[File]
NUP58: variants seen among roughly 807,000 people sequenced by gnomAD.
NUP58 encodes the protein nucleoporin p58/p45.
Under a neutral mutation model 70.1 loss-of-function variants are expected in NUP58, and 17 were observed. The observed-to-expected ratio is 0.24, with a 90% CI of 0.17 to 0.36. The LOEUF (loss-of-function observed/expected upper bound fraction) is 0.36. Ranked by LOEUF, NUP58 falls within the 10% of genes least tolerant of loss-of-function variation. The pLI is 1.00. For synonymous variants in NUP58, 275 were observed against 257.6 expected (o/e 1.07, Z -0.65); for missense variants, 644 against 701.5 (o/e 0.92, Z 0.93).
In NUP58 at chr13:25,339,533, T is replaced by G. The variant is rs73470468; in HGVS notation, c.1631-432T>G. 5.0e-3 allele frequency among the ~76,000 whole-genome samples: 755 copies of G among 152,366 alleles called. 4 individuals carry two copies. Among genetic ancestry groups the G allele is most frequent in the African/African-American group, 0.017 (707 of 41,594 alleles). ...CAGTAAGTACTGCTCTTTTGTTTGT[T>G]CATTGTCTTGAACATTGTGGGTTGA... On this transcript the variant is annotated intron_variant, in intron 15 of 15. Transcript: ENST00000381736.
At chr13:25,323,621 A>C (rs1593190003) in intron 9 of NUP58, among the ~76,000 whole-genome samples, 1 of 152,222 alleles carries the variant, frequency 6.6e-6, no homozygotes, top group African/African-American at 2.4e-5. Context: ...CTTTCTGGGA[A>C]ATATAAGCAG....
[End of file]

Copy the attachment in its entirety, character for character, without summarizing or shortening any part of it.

NUP58: variants seen among roughly 807,000 people sequenced by gnomAD.
NUP58 encodes the protein nucleoporin p58/p45.
Under a neutral mutation model 70.1 loss-of-function variants are expected in NUP58, and 17 were observed. The observed-to-expected ratio is 0.24, with a 90% CI of 0.17 to 0.36. The LOEUF (loss-of-function observed/expected upper bound fraction) is 0.36. Ranked by LOEUF, NUP58 falls within the 10% of genes least tolerant of loss-of-function variation. The pLI is 1.00. For synonymous variants in NUP58, 275 were observed against 257.6 expected (o/e 1.07, Z -0.65); for missense variants, 644 against 701.5 (o/e 0.92, Z 0.93).
In NUP58 at chr13:25,339,533, T is replaced by G. The variant is rs73470468; in HGVS notation, c.1631-432T>G. 5.0e-3 allele frequency among the ~76,000 whole-genome samples: 755 copies of G among 152,366 alleles called. 4 individuals carry two copies. Among genetic ancestry groups the G allele is most frequent in the African/African-American group, 0.017 (707 of 41,594 alleles). ...CAGTAAGTACTGCTCTTTTGTTTGT[T>G]CATTGTCTTGAACATTGTGGGTTGA... On this transcript the variant is annotated intron_variant, in intron 15 of 15. Transcript: ENST00000381736.
At chr13:25,323,621 A>C (rs1593190003) in intron 9 of NUP58, among the ~76,000 whole-genome samples, 1 of 152,222 alleles carries the variant, frequency 6.6e-6, no homozygotes, top group African/African-American at 2.4e-5. Context: ...CTTTCTGGGA[A>C]ATATAAGCAG....